Library Media Specialists


Employment Prospects


Public and private grammar and middle schools that have library media centers employ library media specialists to manage their collections. Specialists may also be called upon to help schools develop a school library center by acquiring materials and setting up the media center. High schools and college preparatory schools need library media specialists to help students and teachers access and learn to use materials in the centers.

Although the title library media specialist generally refers to a librarian who works in grammar schools, middle schools, or high schools, media specialists often find employment outside of the school system. They may work in the libraries of law firms, private corporations, museums, zoos, historical societies, community organizations, and special institutions. They may also find employment as advisers for developers of software, books, and other educational media for children and young adults.

Starting Out

Before applying for a position as a library media specialist in a public school system, librarians usually will have completed the educational and certification requirements set by their state board of education. Positions in nonpublic schools may not have such rigid requirements. You should contact the school district where you are interested in working for specific requirements.

Most graduate schools have career services offices that offer assistance to their students in finding jobs. Professional associations, such as the American Library Association and the American Association of School Librarians, offer the opportunity to network with professionals in the field, as well as job listings at their Web sites. Some schools advertise openings in professional or educational journals. Most openings in school library media centers occur at the end of the school year, when many incumbents retire, get promoted, or move on to other positions. Some beginning media specialists may be able to secure employment right before the school year begins as well, when many school boards are scrambling to fill positions before classes start.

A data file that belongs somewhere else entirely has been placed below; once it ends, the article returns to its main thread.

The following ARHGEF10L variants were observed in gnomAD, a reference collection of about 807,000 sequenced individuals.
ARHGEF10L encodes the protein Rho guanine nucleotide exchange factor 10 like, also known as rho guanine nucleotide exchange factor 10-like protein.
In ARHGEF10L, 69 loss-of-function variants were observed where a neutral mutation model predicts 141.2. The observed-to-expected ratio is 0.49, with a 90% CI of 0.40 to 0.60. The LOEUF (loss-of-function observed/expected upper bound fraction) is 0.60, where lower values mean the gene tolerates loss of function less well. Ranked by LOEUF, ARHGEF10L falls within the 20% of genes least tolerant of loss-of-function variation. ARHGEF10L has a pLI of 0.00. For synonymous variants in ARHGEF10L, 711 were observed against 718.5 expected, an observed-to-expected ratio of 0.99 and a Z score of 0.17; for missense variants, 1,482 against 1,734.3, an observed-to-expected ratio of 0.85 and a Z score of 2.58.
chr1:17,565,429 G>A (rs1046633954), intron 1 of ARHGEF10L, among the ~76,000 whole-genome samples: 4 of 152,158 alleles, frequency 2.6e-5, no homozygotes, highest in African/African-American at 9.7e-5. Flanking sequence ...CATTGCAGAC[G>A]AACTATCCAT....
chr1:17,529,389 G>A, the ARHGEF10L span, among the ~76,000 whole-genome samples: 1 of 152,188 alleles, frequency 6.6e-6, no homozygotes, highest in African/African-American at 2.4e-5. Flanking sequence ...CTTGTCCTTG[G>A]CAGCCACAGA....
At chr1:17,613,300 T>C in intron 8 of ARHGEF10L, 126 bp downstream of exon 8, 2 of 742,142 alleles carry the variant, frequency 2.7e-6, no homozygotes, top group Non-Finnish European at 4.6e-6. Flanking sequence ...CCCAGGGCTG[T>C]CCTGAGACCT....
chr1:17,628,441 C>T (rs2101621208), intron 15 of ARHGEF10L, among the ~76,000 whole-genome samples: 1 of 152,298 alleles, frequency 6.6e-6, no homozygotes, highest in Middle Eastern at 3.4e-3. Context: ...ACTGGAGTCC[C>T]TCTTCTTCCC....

As was the case in the early history of school libraries, school library media specialists often come to the position after having worked as teachers. If you are not sure if school library media is the field for you, but you know you want to work with children, consider studying to become a teacher first. This will give you a good background with children and their needs. Then, by taking additional classes on a part time basis, you can meet the requirements needed in order to move from the classroom into the library media center.

Advancement Prospects

Library media specialists may advance in their library media center to supervise various clerical personnel and volunteers. After having accumulated experience working directly with students and teachers, a specialist working in a school system may advance into the administrative realm, becoming media program coordinator for an entire school district. Experienced administrators, especially those who have pursued additional training, may eventually advance to become curriculum development superintendents. 

Experienced library media specialists who earn a Ph.D. or an Ed.D. may find work as college instructors or directors of college media programs. Some media specialists find better paying positions by leaving the school setting and taking positions with companies that develop teaching aids. Others may use their skills to set up their own media product companies.

Tips for Entry

Visit the following Web sites for job listings: and

Visit for more information on library science careers.

Read publications such as Library Journal, Knowledge Quest, American Libraries, and Children and Libraries: The Journal of the Association for Library Service to Children to learn more about trends in the industry and potential employers.

Talk to library media specialists about their careers. Ask them for advice on breaking into the field.